Researchers from the US Naval Research Laboratory (NRL) demonstrated metallic spin filtering at room temperatures, using a ferromagnet-graphene-ferromagnet thin film junction device.
Spin filtering has been theoretically predicted, and previously seen only for high-resistance structures at cryogenic temperatures. This is the first time that someone demonstrated the effect in room temperatures, and with very low resistance in arrays of multiple devices.
Following the fabrication of the device, the researchers determined that the spin polarization was at least 80% in the graphene layer. The NRL researchers developed their own technical to grow a large multi-layer graphene film directly on a smooth, crystalline nickel alloy film. They then patterned the film into arrays of cross-bar junctions. This was all done with standard tools.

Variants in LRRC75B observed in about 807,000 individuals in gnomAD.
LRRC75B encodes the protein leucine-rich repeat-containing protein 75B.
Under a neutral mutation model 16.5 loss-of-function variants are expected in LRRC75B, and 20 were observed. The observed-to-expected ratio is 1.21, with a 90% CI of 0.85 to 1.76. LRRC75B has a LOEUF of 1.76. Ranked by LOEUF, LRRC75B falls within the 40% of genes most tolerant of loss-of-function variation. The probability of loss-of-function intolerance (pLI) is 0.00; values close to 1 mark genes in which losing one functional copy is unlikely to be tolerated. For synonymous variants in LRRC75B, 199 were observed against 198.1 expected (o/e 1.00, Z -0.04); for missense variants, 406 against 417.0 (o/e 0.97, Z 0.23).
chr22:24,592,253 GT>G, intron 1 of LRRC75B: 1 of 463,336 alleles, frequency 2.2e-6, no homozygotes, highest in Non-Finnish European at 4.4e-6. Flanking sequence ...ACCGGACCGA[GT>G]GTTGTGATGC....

The researchers say that these results may be relevant to MRAM memory, and also help in future spin-logic and spin-sensor technologies.